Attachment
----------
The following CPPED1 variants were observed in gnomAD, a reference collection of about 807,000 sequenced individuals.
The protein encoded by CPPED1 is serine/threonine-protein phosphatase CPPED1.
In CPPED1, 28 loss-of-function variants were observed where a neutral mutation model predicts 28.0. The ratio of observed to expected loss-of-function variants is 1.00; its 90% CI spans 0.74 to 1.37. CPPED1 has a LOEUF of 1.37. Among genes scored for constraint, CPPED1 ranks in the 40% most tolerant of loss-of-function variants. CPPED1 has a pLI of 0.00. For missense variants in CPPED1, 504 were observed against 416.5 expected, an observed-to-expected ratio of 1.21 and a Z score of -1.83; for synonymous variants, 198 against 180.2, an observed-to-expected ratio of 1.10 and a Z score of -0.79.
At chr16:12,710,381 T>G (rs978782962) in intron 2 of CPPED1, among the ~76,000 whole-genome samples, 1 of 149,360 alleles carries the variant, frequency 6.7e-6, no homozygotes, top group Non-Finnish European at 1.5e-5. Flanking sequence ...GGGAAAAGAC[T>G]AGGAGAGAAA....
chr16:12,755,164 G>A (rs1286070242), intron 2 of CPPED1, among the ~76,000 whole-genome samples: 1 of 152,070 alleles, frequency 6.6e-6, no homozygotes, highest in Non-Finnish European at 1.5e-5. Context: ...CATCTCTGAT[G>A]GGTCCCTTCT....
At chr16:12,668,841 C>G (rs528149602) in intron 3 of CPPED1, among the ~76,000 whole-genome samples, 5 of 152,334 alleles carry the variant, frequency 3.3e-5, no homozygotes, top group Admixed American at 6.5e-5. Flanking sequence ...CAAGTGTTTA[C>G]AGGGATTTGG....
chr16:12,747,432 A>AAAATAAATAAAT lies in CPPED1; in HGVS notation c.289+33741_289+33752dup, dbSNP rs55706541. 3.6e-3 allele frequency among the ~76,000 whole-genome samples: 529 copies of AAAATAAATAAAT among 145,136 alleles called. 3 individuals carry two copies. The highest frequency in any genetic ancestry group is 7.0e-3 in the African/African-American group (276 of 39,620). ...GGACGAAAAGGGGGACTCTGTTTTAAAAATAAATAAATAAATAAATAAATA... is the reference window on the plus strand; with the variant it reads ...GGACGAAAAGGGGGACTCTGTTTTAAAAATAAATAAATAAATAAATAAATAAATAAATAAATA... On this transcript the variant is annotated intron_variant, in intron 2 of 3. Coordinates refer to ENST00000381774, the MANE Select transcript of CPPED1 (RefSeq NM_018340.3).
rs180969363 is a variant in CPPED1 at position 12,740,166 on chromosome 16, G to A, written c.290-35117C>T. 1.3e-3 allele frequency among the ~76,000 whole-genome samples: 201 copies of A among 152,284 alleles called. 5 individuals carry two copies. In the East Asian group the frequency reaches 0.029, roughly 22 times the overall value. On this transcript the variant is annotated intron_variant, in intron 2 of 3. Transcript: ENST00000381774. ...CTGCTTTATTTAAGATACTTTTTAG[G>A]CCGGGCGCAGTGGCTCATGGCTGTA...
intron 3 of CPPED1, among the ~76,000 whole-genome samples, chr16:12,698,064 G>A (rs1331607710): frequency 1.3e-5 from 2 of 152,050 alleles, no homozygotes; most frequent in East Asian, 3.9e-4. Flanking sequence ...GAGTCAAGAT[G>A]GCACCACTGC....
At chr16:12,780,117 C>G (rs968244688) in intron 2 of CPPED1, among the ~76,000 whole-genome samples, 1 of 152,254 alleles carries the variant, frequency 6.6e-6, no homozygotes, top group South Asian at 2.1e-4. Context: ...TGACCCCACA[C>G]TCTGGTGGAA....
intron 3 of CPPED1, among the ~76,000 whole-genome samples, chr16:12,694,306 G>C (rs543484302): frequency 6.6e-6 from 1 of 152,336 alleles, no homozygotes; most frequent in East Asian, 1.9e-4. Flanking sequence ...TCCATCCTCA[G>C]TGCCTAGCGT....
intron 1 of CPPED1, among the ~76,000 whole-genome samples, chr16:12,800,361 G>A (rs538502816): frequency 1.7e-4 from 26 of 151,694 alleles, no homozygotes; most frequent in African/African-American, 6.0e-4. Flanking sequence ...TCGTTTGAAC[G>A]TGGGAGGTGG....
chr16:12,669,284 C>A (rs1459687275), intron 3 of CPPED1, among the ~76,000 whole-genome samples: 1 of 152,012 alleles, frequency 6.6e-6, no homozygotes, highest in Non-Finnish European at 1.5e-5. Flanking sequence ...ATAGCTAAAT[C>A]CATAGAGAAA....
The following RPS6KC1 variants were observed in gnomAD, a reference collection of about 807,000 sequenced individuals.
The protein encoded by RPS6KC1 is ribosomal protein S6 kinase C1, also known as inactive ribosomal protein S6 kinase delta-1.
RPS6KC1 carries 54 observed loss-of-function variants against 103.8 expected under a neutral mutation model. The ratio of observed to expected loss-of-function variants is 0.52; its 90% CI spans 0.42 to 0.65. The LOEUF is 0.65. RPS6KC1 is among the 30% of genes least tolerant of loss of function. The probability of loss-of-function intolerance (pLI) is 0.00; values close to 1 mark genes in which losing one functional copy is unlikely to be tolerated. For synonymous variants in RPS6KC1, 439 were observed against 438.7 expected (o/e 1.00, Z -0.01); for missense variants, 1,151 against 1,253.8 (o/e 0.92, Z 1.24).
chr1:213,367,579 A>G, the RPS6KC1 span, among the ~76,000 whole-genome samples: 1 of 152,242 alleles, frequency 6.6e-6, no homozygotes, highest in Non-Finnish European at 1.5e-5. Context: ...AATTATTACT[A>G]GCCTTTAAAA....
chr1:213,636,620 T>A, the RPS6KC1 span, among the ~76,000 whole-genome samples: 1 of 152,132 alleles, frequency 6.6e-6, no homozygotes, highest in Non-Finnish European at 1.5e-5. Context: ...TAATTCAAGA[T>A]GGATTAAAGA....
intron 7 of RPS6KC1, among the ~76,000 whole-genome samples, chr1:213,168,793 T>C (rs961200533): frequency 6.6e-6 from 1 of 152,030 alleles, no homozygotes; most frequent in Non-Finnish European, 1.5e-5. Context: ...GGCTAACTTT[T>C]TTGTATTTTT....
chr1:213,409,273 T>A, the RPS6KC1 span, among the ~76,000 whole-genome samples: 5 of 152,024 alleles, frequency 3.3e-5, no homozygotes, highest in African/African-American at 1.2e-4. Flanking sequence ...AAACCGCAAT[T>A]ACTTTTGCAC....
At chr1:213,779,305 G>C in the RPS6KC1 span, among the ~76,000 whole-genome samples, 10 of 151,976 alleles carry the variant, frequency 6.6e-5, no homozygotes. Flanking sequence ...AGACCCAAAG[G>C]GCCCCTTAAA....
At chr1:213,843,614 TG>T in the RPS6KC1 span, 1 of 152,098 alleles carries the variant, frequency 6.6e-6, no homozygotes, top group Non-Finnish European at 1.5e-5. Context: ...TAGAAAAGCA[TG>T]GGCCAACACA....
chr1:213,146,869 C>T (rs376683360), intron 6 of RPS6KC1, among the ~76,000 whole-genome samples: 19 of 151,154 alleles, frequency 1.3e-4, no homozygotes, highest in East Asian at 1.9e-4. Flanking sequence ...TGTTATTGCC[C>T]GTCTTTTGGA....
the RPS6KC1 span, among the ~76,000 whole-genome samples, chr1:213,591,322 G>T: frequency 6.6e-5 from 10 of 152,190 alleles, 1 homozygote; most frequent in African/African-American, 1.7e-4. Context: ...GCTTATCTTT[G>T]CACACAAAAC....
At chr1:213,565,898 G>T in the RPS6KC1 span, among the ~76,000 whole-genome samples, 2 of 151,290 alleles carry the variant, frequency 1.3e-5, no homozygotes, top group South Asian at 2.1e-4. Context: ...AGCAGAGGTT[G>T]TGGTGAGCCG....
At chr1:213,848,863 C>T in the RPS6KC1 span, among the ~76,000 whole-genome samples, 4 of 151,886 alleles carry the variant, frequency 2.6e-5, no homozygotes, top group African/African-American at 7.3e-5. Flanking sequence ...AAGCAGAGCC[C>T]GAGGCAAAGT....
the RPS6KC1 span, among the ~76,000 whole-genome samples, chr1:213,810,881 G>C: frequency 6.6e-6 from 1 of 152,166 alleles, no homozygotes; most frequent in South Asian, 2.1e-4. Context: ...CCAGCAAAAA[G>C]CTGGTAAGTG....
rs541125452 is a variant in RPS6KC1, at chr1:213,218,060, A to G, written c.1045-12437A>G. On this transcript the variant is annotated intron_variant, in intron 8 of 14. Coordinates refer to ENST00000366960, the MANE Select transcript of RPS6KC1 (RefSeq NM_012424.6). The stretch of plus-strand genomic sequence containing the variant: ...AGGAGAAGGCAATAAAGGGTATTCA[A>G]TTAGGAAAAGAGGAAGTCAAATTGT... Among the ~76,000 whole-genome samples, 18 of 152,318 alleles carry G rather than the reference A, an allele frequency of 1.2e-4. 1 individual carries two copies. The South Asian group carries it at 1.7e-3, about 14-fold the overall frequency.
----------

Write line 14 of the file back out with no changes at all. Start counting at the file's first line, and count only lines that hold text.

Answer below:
The following RPS6KC1 variants were observed in gnomAD, a reference collection of about 807,000 sequenced individuals.